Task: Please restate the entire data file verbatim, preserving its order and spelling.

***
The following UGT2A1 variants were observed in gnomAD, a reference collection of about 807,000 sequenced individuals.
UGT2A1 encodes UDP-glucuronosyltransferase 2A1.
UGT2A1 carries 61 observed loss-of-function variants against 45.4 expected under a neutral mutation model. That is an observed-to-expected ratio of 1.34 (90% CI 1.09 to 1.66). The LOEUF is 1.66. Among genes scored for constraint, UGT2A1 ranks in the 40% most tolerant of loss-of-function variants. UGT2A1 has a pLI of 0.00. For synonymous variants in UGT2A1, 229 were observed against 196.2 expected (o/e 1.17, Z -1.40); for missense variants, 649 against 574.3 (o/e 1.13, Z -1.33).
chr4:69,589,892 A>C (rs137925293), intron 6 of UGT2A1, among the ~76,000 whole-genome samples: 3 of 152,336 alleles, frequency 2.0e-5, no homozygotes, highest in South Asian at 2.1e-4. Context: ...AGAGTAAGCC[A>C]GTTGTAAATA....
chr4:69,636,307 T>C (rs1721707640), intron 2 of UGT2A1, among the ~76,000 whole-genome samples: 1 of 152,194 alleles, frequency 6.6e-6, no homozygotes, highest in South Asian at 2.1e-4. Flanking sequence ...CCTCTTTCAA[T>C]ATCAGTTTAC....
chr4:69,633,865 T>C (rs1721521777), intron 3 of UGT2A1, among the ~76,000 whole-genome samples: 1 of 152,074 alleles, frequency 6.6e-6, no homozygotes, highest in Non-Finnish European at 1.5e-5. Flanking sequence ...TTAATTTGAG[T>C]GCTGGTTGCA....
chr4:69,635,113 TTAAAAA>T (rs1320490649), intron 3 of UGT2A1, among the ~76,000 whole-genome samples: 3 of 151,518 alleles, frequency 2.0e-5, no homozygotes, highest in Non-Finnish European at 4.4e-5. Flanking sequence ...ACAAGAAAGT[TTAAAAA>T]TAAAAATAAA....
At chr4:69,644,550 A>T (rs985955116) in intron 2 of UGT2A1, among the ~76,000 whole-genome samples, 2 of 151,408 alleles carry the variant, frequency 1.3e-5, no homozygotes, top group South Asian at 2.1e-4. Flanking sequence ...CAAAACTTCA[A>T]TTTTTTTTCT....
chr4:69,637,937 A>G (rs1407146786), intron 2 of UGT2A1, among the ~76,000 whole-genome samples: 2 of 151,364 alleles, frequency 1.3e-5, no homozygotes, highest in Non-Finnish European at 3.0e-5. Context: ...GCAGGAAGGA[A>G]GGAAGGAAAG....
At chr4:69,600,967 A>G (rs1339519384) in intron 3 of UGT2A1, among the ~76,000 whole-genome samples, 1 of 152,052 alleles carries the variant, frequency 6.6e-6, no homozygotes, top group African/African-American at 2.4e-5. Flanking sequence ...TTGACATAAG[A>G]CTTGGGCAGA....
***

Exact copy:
The following UGT2A1 variants were observed in gnomAD, a reference collection of about 807,000 sequenced individuals.
UGT2A1 encodes UDP-glucuronosyltransferase 2A1.
UGT2A1 carries 61 observed loss-of-function variants against 45.4 expected under a neutral mutation model. That is an observed-to-expected ratio of 1.34 (90% CI 1.09 to 1.66). The LOEUF is 1.66. Among genes scored for constraint, UGT2A1 ranks in the 40% most tolerant of loss-of-function variants. UGT2A1 has a pLI of 0.00. For synonymous variants in UGT2A1, 229 were observed against 196.2 expected (o/e 1.17, Z -1.40); for missense variants, 649 against 574.3 (o/e 1.13, Z -1.33).
chr4:69,589,892 A>C (rs137925293), intron 6 of UGT2A1, among the ~76,000 whole-genome samples: 3 of 152,336 alleles, frequency 2.0e-5, no homozygotes, highest in South Asian at 2.1e-4. Context: ...AGAGTAAGCC[A>C]GTTGTAAATA....
chr4:69,636,307 T>C (rs1721707640), intron 2 of UGT2A1, among the ~76,000 whole-genome samples: 1 of 152,194 alleles, frequency 6.6e-6, no homozygotes, highest in South Asian at 2.1e-4. Flanking sequence ...CCTCTTTCAA[T>C]ATCAGTTTAC....
chr4:69,633,865 T>C (rs1721521777), intron 3 of UGT2A1, among the ~76,000 whole-genome samples: 1 of 152,074 alleles, frequency 6.6e-6, no homozygotes, highest in Non-Finnish European at 1.5e-5. Flanking sequence ...TTAATTTGAG[T>C]GCTGGTTGCA....
chr4:69,635,113 TTAAAAA>T (rs1320490649), intron 3 of UGT2A1, among the ~76,000 whole-genome samples: 3 of 151,518 alleles, frequency 2.0e-5, no homozygotes, highest in Non-Finnish European at 4.4e-5. Flanking sequence ...ACAAGAAAGT[TTAAAAA>T]TAAAAATAAA....
At chr4:69,644,550 A>T (rs985955116) in intron 2 of UGT2A1, among the ~76,000 whole-genome samples, 2 of 151,408 alleles carry the variant, frequency 1.3e-5, no homozygotes, top group South Asian at 2.1e-4. Flanking sequence ...CAAAACTTCA[A>T]TTTTTTTTCT....
chr4:69,637,937 A>G (rs1407146786), intron 2 of UGT2A1, among the ~76,000 whole-genome samples: 2 of 151,364 alleles, frequency 1.3e-5, no homozygotes, highest in Non-Finnish European at 3.0e-5. Context: ...GCAGGAAGGA[A>G]GGAAGGAAAG....
At chr4:69,600,967 A>G (rs1339519384) in intron 3 of UGT2A1, among the ~76,000 whole-genome samples, 1 of 152,052 alleles carries the variant, frequency 6.6e-6, no homozygotes, top group African/African-American at 2.4e-5. Flanking sequence ...TTGACATAAG[A>G]CTTGGGCAGA....